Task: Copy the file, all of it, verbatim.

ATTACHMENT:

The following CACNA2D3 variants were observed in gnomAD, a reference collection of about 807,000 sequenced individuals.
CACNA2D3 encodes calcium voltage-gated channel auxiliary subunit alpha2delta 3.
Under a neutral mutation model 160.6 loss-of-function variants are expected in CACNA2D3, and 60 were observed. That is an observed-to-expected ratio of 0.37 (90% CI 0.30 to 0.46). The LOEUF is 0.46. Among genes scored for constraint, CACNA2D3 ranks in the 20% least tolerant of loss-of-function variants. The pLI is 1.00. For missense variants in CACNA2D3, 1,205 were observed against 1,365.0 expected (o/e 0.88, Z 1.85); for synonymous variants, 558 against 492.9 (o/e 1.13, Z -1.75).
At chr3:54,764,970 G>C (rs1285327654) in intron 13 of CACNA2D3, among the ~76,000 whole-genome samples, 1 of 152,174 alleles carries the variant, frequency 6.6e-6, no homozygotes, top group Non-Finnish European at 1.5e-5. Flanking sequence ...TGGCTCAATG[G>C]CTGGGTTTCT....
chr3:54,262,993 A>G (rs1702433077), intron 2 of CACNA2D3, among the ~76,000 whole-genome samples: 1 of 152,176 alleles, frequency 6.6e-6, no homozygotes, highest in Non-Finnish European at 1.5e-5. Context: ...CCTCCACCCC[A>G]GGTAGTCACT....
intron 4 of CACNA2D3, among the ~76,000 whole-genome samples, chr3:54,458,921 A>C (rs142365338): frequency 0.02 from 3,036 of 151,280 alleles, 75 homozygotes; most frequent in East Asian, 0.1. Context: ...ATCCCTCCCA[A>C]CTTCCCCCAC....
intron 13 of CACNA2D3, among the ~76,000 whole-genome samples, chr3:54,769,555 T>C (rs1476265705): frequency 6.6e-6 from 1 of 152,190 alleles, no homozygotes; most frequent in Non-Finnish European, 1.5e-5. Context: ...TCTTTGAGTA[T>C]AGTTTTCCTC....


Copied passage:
The following CACNA2D3 variants were observed in gnomAD, a reference collection of about 807,000 sequenced individuals.
CACNA2D3 encodes calcium voltage-gated channel auxiliary subunit alpha2delta 3.
Under a neutral mutation model 160.6 loss-of-function variants are expected in CACNA2D3, and 60 were observed. That is an observed-to-expected ratio of 0.37 (90% CI 0.30 to 0.46). The LOEUF is 0.46. Among genes scored for constraint, CACNA2D3 ranks in the 20% least tolerant of loss-of-function variants. The pLI is 1.00. For missense variants in CACNA2D3, 1,205 were observed against 1,365.0 expected (o/e 0.88, Z 1.85); for synonymous variants, 558 against 492.9 (o/e 1.13, Z -1.75).
At chr3:54,764,970 G>C (rs1285327654) in intron 13 of CACNA2D3, among the ~76,000 whole-genome samples, 1 of 152,174 alleles carries the variant, frequency 6.6e-6, no homozygotes, top group Non-Finnish European at 1.5e-5. Flanking sequence ...TGGCTCAATG[G>C]CTGGGTTTCT....
chr3:54,262,993 A>G (rs1702433077), intron 2 of CACNA2D3, among the ~76,000 whole-genome samples: 1 of 152,176 alleles, frequency 6.6e-6, no homozygotes, highest in Non-Finnish European at 1.5e-5. Context: ...CCTCCACCCC[A>G]GGTAGTCACT....
intron 4 of CACNA2D3, among the ~76,000 whole-genome samples, chr3:54,458,921 A>C (rs142365338): frequency 0.02 from 3,036 of 151,280 alleles, 75 homozygotes; most frequent in East Asian, 0.1. Context: ...ATCCCTCCCA[A>C]CTTCCCCCAC....
intron 13 of CACNA2D3, among the ~76,000 whole-genome samples, chr3:54,769,555 T>C (rs1476265705): frequency 6.6e-6 from 1 of 152,190 alleles, no homozygotes; most frequent in Non-Finnish European, 1.5e-5. Context: ...TCTTTGAGTA[T>C]AGTTTTCCTC....